Telegraph process

In probability theory, the telegraph process is a memoryless continuous-time stochastic process that shows two distinct values.

It models burst noise (also called popcorn noise or random telegraph signal).

If the two possible states are called a and b, the process can be described by the following master equations:

${\displaystyle \partial _{t}P(a,t|x,t_{0})=-\lambda P(a,t|x,t_{0})+\mu P(b,t|x,t_{0})}$

and

${\displaystyle \partial _{t}P(b,t|x,t_{0})=\lambda P(a,t|x,t_{0})-\mu P(b,t|x,t_{0}).}$

The process is also known under the names Kac process[1] , dichotomous random process.[2]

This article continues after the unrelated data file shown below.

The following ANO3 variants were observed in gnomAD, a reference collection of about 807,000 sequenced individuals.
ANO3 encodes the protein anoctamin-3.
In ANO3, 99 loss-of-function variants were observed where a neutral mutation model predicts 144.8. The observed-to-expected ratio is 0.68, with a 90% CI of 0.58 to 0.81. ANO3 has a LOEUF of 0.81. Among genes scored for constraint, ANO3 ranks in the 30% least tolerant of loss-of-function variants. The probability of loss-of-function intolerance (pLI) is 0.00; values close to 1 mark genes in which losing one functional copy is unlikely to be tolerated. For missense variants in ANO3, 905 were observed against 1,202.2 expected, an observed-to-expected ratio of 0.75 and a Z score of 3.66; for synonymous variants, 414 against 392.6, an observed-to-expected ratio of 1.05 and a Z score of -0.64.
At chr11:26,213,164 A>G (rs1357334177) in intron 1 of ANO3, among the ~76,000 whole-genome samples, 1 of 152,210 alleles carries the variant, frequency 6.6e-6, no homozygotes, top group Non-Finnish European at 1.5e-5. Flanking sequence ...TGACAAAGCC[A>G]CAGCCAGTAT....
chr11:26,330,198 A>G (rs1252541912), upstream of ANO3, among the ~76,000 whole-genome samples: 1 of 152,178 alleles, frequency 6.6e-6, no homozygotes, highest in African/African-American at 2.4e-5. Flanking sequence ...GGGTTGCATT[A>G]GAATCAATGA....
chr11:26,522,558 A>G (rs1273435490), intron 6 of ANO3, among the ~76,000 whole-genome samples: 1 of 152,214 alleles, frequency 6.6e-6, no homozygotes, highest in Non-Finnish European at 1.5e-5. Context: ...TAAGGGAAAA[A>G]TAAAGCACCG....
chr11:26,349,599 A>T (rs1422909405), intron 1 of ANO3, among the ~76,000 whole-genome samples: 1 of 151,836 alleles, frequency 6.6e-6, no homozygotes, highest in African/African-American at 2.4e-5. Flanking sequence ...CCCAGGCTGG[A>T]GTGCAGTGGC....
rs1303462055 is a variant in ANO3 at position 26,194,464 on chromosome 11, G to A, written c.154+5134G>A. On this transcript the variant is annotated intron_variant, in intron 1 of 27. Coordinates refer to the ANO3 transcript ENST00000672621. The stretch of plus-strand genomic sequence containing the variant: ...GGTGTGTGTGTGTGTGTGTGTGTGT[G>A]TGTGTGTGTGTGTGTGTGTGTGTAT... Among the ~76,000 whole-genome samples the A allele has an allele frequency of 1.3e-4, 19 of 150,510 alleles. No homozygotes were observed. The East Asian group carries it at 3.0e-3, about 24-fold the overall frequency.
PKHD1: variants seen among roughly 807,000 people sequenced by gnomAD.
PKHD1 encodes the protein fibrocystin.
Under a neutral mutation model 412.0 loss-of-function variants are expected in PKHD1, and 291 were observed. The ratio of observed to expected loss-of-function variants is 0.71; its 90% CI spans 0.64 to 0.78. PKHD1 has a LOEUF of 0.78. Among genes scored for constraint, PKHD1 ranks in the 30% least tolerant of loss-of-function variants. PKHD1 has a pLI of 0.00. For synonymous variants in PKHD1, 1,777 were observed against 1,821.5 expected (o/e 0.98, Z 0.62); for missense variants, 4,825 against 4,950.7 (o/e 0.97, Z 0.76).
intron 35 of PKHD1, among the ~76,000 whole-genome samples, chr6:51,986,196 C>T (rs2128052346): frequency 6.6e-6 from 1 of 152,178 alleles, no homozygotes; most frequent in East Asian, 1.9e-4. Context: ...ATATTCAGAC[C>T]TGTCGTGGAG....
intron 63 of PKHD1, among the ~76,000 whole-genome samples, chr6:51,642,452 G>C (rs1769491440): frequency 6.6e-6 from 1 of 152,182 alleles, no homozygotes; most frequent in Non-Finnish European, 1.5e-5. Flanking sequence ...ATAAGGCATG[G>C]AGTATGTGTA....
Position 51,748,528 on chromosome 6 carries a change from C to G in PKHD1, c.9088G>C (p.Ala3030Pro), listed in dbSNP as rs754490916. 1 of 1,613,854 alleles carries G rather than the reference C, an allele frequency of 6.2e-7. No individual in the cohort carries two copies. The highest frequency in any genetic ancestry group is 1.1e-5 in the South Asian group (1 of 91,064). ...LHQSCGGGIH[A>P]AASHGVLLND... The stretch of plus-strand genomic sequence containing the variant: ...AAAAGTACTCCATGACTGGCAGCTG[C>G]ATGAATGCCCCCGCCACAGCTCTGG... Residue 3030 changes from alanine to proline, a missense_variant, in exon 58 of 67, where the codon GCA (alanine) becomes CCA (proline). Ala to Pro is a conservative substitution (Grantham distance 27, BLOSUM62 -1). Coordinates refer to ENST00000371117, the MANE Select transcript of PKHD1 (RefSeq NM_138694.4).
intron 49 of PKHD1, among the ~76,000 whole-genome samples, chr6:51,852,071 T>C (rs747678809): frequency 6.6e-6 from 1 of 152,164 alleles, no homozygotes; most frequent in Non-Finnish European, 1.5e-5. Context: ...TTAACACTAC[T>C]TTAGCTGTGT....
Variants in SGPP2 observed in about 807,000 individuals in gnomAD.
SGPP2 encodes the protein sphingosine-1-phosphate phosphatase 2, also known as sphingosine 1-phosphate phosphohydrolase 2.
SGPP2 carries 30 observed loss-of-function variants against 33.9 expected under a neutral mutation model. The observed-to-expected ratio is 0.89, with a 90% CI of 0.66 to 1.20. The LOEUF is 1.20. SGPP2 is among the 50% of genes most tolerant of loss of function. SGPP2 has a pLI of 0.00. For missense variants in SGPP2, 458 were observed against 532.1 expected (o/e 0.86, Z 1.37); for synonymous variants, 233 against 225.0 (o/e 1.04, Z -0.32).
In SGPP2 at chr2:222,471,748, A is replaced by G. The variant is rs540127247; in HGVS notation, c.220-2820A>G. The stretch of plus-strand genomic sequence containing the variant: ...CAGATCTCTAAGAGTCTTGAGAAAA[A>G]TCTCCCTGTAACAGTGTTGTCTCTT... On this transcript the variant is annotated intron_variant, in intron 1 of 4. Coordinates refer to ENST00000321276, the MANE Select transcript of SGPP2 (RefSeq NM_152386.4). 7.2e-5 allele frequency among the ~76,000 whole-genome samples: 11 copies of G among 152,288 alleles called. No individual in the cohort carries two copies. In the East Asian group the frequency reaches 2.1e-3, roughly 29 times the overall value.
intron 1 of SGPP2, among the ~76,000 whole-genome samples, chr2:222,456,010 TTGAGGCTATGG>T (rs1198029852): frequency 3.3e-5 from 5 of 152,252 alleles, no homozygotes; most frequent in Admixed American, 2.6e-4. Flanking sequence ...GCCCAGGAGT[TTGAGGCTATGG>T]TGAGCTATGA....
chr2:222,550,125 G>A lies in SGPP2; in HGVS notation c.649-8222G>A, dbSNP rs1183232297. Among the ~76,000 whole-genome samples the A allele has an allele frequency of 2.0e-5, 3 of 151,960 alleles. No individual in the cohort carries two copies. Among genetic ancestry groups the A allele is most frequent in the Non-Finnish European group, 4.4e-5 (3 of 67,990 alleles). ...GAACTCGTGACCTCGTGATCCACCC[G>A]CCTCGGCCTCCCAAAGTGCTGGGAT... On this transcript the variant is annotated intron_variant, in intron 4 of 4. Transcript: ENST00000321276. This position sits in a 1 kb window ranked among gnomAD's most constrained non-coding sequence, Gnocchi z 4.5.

Properties

Knowledge of an initial state decays exponentially. Therefore, for a time in the remote future, the process will reach the following stationary values, denoted by subscript s:

Mean:

${\displaystyle \langle X\rangle _{s}={\frac {a\mu +b\lambda }{\mu +\lambda }}.}$

Variance:

${\displaystyle \operatorname {var} \{X\}_{s}={\frac {(a-b)^{2}\mu \lambda }{(\mu +\lambda )^{2}}}.}$

One can also calculate a correlation function:

${\displaystyle \langle X(t),X(s)\rangle _{s}=\exp(-(\lambda +\mu )|t-s|)\operatorname {var} \{X\}_{s}.}$

Application

This random process finds wide application in model building: